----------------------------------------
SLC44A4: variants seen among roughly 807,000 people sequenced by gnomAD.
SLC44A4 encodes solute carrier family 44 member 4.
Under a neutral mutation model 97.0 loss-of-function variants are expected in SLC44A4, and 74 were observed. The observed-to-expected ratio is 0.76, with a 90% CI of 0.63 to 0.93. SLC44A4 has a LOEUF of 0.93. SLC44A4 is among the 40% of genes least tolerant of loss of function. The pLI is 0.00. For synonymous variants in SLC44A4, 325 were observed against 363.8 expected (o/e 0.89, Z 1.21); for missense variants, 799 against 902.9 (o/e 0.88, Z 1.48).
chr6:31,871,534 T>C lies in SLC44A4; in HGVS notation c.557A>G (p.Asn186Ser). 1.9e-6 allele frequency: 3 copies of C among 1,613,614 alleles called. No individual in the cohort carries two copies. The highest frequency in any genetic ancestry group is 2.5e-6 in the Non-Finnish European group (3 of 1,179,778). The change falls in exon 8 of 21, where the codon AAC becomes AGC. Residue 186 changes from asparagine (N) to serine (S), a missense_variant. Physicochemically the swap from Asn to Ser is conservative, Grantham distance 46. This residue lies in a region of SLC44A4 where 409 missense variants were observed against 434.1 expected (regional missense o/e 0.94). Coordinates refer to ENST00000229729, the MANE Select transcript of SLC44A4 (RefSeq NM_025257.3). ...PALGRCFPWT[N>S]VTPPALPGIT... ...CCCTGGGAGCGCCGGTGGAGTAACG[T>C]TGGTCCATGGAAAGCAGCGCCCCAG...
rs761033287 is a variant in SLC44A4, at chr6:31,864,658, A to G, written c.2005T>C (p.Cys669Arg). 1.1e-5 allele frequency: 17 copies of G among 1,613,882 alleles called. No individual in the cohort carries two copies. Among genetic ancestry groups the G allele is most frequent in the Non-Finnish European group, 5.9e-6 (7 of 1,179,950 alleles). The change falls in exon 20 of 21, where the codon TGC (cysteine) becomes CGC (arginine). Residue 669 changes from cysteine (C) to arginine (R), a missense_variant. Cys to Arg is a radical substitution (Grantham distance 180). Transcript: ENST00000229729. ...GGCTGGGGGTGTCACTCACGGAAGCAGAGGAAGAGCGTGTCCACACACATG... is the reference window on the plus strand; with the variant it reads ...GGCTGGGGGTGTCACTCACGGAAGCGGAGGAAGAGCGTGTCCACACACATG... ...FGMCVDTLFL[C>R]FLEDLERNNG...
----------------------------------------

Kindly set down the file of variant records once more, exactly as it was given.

SLC44A4: variants seen among roughly 807,000 people sequenced by gnomAD.
SLC44A4 encodes solute carrier family 44 member 4.
Under a neutral mutation model 97.0 loss-of-function variants are expected in SLC44A4, and 74 were observed. The observed-to-expected ratio is 0.76, with a 90% CI of 0.63 to 0.93. SLC44A4 has a LOEUF of 0.93. SLC44A4 is among the 40% of genes least tolerant of loss of function. The pLI is 0.00. For synonymous variants in SLC44A4, 325 were observed against 363.8 expected (o/e 0.89, Z 1.21); for missense variants, 799 against 902.9 (o/e 0.88, Z 1.48).
chr6:31,871,534 T>C lies in SLC44A4; in HGVS notation c.557A>G (p.Asn186Ser). 1.9e-6 allele frequency: 3 copies of C among 1,613,614 alleles called. No individual in the cohort carries two copies. The highest frequency in any genetic ancestry group is 2.5e-6 in the Non-Finnish European group (3 of 1,179,778). The change falls in exon 8 of 21, where the codon AAC becomes AGC. Residue 186 changes from asparagine (N) to serine (S), a missense_variant. Physicochemically the swap from Asn to Ser is conservative, Grantham distance 46. This residue lies in a region of SLC44A4 where 409 missense variants were observed against 434.1 expected (regional missense o/e 0.94). Coordinates refer to ENST00000229729, the MANE Select transcript of SLC44A4 (RefSeq NM_025257.3). ...PALGRCFPWT[N>S]VTPPALPGIT... ...CCCTGGGAGCGCCGGTGGAGTAACG[T>C]TGGTCCATGGAAAGCAGCGCCCCAG...
rs761033287 is a variant in SLC44A4, at chr6:31,864,658, A to G, written c.2005T>C (p.Cys669Arg). 1.1e-5 allele frequency: 17 copies of G among 1,613,882 alleles called. No individual in the cohort carries two copies. Among genetic ancestry groups the G allele is most frequent in the Non-Finnish European group, 5.9e-6 (7 of 1,179,950 alleles). The change falls in exon 20 of 21, where the codon TGC (cysteine) becomes CGC (arginine). Residue 669 changes from cysteine (C) to arginine (R), a missense_variant. Cys to Arg is a radical substitution (Grantham distance 180). Transcript: ENST00000229729. ...GGCTGGGGGTGTCACTCACGGAAGCAGAGGAAGAGCGTGTCCACACACATG... is the reference window on the plus strand; with the variant it reads ...GGCTGGGGGTGTCACTCACGGAAGCGGAGGAAGAGCGTGTCCACACACATG... ...FGMCVDTLFL[C>R]FLEDLERNNG...